A number of our private money loan investors (lenders) hold their beneficial loan interests in their family trusts. We frequently need to sign servicing related documents on their behalf and as a result created a recordable “Limited Power of Attorney” to be executed with our Loan Servicing Agreement.
Recently, title companies began refusing to accept our “Limited Power of Attorneys” because they say that the power to execute a power of attorney on behalf of the trust is not being granted to the Trustee in the trust. Is such a power now generally incorporated in the newer trusts? If not, could we use a Durable Power of Attorney for our purposes or do the powers granted in a Trust Durable Power of Attorney only become applicable if the trustee is incapable of performing his or her functions? Any thoughts of what we can do if we can’t use a Durable Power of Attorney for our purposes
I see no reason why you cannot use a Power of Attorney form, if the trust permits it. The problem that I think you are running into is that the trust instrument provides for successor trustees in the event of incapacity. The companies you are dealing with are concerned about their liability. They do not want to allow person "A" to sign documents under a Power of Attorney and then have person "B" (or all of the beneficiaries of the trust) come back and say that, "A" was not authorized under the trust agreement.
To get around your problem you need to make sure that the trust agreements in question authorize the trustee to delegate authority. If this is included in the trust agreement, (perhaps, along with a statement that the trust indemnifies and holds harmless anyone accepting the authority so delegated), then you may have better success. I would imagine you may need to fight this battle on a case by case basis, however. You will want to work with those title companies that are more amenable to your documents and your process.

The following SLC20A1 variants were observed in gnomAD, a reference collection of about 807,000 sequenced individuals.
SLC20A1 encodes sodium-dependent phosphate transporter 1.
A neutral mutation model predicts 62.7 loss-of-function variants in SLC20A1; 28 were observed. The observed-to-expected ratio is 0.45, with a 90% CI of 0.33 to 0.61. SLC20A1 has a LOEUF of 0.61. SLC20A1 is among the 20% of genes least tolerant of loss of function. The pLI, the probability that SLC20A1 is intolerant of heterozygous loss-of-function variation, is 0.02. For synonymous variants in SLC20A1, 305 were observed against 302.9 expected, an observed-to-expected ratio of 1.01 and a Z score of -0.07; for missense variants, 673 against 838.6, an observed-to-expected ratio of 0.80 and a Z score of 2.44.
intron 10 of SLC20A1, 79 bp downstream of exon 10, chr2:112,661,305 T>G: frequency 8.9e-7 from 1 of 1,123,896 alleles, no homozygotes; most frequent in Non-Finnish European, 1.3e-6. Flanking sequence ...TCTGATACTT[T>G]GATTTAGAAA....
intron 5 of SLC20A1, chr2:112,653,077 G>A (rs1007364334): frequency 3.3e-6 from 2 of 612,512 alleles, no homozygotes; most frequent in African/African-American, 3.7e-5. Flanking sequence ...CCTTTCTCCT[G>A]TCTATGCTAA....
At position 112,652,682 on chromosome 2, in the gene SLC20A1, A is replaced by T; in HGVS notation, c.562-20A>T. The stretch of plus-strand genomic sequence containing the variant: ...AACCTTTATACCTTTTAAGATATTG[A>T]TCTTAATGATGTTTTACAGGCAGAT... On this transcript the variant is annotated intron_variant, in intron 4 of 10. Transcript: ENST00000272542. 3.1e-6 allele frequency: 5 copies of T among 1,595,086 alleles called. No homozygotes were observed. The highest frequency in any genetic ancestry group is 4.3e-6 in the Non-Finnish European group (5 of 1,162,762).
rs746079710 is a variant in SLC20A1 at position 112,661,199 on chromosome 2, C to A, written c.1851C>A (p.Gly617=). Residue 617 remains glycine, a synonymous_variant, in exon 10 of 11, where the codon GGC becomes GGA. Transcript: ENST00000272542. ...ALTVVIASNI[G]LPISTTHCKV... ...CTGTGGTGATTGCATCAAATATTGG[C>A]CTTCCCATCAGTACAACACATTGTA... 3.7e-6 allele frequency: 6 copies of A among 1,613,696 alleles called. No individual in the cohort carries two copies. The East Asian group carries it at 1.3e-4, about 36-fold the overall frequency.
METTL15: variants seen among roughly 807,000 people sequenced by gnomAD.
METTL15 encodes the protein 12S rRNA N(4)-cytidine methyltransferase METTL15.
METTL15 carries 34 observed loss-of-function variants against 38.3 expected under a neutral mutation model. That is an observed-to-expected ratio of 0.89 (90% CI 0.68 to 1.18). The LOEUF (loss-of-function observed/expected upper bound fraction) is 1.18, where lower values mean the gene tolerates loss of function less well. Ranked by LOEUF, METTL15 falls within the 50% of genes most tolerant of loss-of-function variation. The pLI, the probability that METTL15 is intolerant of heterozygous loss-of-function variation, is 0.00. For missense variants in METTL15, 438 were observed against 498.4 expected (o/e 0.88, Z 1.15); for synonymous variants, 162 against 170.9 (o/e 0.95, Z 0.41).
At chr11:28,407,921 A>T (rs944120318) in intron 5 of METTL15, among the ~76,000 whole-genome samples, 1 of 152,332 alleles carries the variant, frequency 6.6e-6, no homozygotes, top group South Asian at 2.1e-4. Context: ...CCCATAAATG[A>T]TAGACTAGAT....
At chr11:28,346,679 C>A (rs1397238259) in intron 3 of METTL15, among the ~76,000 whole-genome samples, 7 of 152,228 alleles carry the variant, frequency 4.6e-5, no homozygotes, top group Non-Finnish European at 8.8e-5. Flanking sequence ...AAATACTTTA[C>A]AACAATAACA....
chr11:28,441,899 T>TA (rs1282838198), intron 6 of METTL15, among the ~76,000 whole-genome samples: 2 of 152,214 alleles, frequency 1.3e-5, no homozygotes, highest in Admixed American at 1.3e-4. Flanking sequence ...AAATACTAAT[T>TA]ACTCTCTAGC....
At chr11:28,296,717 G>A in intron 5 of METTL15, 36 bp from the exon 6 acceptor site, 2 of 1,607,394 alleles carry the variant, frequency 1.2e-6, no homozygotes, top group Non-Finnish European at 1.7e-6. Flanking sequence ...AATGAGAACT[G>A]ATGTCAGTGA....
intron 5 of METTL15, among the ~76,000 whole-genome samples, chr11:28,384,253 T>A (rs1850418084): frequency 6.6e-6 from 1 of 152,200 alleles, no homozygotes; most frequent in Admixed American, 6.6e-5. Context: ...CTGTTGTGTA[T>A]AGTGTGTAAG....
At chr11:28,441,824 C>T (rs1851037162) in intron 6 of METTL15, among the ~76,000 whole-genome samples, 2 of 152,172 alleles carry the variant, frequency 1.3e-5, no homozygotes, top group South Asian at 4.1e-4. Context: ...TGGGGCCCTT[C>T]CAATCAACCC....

In any event, a durable power of attorney is probably not the way to go. A limited power is likely to meet with less resistance. The idea is not that the trustee is incapacitated (thereby requiring the successor to take over), but simply is not present to sign the necessary documents.
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The problem you’re going to continue to run into is that banks and title companies all have different rules for relying on powers of attorney—even though California law is clear that third parties are allowed (and even protected) to rely on a properly executed power of attorney.
As a general rule, there are NO requirement that the Trust instrument itself contains terms stating that an agent under a limited, general or durable power of attorney has the right to act in place of the Trustee/Settlor. The only requirement from a Trust standpoint is to make certain there are terms in the Trust allowing the Trustee/Settlor to amend, modify, manage, administrate, or revoke the Trust instrument. If the Trustee/Settlor has that power, then an agent under a valid power of attorney has the same authority as the Trustee/Settlor. Of course the power of attorney needs to state the powers of the agent, including the power to make decisions for the Trustee’s/Settlor’s Trust.
The previous answer makes sense. It may be feasible to contact each title company and figure out the requirements they need to honor the power of attorney. If there are only a few title companies, this is a workable situation. Good luck.